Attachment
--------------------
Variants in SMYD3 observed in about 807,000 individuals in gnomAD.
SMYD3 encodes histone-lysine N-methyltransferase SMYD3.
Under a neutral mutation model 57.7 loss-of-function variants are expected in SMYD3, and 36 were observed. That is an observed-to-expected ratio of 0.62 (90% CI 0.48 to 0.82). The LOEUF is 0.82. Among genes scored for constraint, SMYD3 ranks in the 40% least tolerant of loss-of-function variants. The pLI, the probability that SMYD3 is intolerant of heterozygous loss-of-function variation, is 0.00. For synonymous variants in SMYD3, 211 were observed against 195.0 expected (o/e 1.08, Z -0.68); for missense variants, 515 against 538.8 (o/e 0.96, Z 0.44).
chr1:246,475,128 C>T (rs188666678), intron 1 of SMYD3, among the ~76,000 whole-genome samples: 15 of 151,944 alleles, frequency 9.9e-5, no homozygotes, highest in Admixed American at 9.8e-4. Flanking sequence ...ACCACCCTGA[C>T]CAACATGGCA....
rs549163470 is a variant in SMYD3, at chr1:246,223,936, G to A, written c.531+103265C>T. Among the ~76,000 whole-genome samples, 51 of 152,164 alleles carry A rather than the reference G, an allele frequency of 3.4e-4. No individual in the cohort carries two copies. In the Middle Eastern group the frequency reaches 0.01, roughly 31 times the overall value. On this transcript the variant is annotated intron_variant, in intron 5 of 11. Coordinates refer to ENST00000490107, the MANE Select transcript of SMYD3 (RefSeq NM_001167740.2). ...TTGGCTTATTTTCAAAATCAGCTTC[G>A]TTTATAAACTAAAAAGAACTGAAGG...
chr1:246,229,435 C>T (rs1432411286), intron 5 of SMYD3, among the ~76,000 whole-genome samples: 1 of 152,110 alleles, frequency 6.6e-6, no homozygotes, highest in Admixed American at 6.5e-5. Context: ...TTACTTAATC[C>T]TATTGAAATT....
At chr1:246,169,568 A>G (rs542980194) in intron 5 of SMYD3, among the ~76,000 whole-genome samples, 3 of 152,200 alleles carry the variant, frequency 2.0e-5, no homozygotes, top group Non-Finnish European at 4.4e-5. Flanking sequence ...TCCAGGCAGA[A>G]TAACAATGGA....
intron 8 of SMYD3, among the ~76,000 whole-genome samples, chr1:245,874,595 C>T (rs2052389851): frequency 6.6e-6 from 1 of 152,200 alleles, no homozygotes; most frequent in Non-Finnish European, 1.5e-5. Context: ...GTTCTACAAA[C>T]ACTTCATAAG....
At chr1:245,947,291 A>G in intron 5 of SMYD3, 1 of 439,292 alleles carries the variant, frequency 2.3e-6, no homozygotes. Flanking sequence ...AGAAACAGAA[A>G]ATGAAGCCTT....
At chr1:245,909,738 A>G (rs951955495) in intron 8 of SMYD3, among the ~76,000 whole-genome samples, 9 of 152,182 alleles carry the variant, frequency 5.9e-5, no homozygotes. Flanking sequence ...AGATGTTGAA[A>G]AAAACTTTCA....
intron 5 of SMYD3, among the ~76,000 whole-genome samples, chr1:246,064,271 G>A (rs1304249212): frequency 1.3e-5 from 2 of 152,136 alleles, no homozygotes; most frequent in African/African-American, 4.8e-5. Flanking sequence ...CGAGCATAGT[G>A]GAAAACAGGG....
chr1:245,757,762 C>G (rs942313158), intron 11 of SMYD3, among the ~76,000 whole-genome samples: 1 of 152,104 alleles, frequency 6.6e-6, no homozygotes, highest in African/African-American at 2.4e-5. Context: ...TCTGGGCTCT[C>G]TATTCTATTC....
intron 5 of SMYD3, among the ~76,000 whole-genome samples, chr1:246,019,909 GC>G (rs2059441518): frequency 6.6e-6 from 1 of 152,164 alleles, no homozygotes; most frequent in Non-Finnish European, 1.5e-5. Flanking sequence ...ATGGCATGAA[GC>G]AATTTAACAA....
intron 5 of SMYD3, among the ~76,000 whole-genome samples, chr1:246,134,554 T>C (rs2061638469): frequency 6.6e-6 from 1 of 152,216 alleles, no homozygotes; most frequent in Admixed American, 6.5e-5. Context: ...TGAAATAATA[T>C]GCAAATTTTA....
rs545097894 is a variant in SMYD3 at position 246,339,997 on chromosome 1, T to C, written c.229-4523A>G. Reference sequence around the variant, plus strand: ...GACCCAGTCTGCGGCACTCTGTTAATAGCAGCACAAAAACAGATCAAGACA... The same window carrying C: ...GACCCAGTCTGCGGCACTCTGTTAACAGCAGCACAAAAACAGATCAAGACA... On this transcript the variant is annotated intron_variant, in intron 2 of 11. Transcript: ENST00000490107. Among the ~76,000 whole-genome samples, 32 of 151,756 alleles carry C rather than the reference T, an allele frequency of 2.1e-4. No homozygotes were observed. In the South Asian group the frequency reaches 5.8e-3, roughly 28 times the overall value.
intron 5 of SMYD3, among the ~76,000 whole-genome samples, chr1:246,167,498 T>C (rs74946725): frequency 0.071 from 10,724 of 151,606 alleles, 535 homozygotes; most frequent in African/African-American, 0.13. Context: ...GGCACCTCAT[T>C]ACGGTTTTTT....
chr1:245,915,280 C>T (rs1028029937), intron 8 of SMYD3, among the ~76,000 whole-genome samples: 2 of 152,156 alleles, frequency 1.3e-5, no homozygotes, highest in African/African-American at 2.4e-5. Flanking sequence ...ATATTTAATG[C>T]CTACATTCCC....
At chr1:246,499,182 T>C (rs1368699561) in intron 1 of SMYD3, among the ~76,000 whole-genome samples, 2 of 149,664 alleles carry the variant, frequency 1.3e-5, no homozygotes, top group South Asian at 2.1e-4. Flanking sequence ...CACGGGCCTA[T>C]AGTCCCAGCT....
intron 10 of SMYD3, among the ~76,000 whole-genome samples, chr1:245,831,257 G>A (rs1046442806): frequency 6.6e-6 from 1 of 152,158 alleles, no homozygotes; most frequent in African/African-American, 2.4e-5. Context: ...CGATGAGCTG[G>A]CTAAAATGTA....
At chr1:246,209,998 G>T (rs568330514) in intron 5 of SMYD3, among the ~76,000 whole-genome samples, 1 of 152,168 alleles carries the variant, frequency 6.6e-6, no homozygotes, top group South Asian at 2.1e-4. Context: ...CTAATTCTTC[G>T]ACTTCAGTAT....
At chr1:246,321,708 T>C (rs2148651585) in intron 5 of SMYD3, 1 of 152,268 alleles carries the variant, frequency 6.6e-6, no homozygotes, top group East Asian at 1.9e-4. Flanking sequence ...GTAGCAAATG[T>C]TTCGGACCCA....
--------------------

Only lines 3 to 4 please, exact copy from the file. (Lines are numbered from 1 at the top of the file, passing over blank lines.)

Under a neutral mutation model 57.7 loss-of-function variants are expected in SMYD3, and 36 were observed. That is an observed-to-expected ratio of 0.62 (90% CI 0.48 to 0.82). The LOEUF is 0.82. Among genes scored for constraint, SMYD3 ranks in the 40% least tolerant of loss-of-function variants. The pLI, the probability that SMYD3 is intolerant of heterozygous loss-of-function variation, is 0.00. For synonymous variants in SMYD3, 211 were observed against 195.0 expected (o/e 1.08, Z -0.68); for missense variants, 515 against 538.8 (o/e 0.96, Z 0.44).
chr1:246,475,128 C>T (rs188666678), intron 1 of SMYD3, among the ~76,000 whole-genome samples: 15 of 151,944 alleles, frequency 9.9e-5, no homozygotes, highest in Admixed American at 9.8e-4. Flanking sequence ...ACCACCCTGA[C>T]CAACATGGCA....